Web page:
I took a different approach. When living day to day not knowing how I was going to pay the bills, I reached out to care for others instead of internalizing. Here’s the breakdown: Humans have two primal reactions that can be in contrast. Fear; the fight or flight reaction and the need for community; to be relational. When challenged, we most often revert to fear. It comes out in our words, our actions and we close ourselves off. In the case of financial difficulties, the common route to take is work harder, or figure out how to make more money. It seems logical, and sometimes it is. But often that solution does not reach the root of the problem and we then we keep making the same mistakes. Instead of looking internally for the solution and addressing my fears, I chose to react with our other primal need: community and relationships, and opened myself up to others and new solutions.
Consciously expressing more compassion, empathy and gratitude, I made sure my children knew they were loved and supported; taking time to listen to them, play with them, and eat together. And then looked into my community to see where I could help, where can I volunteer? On the request of my teens, we shared our home with couple of their friends who needed emotional support, which taxed me; but the experience encouraged appreciation of our home, and we all felt gratitude for what we had.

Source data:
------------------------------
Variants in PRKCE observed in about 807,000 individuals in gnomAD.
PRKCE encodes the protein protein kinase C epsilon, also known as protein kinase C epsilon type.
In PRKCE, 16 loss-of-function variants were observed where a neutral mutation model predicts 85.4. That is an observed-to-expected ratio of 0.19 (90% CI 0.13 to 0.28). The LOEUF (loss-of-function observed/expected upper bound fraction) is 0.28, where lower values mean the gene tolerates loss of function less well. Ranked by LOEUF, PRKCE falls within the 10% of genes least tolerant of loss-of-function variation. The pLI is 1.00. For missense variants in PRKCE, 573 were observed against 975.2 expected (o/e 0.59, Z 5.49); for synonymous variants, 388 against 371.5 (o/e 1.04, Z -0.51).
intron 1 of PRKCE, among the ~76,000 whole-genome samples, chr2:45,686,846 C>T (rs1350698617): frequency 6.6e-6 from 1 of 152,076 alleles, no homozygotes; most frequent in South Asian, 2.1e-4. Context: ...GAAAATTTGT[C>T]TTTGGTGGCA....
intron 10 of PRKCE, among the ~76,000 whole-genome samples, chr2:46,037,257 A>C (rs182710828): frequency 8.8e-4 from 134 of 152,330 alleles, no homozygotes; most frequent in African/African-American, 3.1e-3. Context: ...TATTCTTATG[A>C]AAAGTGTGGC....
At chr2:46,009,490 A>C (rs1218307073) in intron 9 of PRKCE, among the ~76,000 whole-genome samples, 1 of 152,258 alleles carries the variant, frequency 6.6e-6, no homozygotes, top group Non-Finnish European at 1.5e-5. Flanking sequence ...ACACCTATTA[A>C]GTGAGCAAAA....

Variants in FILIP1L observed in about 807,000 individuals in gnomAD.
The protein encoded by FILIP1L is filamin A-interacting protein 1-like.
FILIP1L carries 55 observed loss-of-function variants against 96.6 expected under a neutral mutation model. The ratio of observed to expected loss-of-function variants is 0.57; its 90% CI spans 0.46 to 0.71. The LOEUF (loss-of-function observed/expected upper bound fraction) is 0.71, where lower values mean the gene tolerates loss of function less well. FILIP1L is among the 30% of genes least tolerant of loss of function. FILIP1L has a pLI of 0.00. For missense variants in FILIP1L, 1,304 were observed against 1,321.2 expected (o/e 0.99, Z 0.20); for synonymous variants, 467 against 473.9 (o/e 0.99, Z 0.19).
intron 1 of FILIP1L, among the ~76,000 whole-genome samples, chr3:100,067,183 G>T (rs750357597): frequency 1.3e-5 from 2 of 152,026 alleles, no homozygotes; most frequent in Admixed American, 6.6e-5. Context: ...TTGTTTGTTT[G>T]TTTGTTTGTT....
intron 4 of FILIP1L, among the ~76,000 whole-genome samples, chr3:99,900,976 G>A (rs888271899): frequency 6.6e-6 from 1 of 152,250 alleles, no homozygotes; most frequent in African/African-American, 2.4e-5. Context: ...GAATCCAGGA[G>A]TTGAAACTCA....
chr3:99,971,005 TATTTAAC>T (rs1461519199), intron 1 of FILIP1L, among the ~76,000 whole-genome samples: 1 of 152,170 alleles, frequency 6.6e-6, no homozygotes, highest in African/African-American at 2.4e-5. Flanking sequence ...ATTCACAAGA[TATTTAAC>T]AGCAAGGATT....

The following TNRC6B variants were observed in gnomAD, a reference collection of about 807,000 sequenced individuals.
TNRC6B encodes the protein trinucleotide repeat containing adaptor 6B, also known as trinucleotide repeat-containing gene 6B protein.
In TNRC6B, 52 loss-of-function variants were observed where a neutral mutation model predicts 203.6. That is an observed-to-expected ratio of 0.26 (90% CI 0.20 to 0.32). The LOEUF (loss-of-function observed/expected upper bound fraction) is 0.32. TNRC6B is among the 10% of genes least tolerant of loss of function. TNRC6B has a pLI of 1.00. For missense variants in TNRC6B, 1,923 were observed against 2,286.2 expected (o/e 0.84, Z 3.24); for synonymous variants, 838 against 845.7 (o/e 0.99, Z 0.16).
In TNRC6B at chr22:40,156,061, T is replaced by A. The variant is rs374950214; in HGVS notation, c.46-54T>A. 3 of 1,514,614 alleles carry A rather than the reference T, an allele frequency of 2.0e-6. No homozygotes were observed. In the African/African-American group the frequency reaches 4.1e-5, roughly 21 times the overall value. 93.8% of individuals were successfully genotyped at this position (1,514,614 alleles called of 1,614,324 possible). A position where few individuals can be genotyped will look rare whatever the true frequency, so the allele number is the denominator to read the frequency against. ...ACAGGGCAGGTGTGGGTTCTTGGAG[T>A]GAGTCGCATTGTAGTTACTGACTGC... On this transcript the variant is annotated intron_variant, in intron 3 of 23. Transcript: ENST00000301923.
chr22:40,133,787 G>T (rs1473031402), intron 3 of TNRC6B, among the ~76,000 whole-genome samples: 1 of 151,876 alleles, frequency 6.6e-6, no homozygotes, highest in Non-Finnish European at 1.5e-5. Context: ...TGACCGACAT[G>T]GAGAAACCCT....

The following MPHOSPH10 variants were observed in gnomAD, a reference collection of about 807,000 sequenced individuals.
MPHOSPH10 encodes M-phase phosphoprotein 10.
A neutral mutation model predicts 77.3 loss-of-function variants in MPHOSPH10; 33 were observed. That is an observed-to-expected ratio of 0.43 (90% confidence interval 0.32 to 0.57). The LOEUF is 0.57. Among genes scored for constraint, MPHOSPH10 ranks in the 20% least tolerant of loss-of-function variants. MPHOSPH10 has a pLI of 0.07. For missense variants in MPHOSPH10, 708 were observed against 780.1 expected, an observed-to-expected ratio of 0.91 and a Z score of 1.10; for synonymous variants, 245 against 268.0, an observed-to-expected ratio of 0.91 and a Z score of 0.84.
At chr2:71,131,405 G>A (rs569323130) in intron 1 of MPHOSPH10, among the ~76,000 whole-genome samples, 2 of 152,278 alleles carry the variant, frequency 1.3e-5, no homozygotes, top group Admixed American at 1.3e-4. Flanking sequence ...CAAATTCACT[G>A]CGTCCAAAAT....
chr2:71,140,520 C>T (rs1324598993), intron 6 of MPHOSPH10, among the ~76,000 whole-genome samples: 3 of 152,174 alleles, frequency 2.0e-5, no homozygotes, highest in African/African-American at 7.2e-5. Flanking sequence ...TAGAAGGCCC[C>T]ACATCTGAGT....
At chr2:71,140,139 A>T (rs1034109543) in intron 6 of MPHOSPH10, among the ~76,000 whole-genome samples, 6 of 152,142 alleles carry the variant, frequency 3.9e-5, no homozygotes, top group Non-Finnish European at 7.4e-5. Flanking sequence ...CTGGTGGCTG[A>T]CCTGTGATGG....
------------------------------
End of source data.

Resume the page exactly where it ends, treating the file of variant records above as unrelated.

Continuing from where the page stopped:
Together, we delivered meals to the elderly and worked on community meals. In addition, I volunteered for the Recreation Commission and was a Cub Scout den mother. Volunteering in my community was the most important thing I did. I worked toward meeting local needs, gained confidence in my abilities and made friends out of my neighbors. This is how Sharon Graves, Theresa McNulty and I came to brainstorm around addressing community issues, out of this came BuzzAround.Info.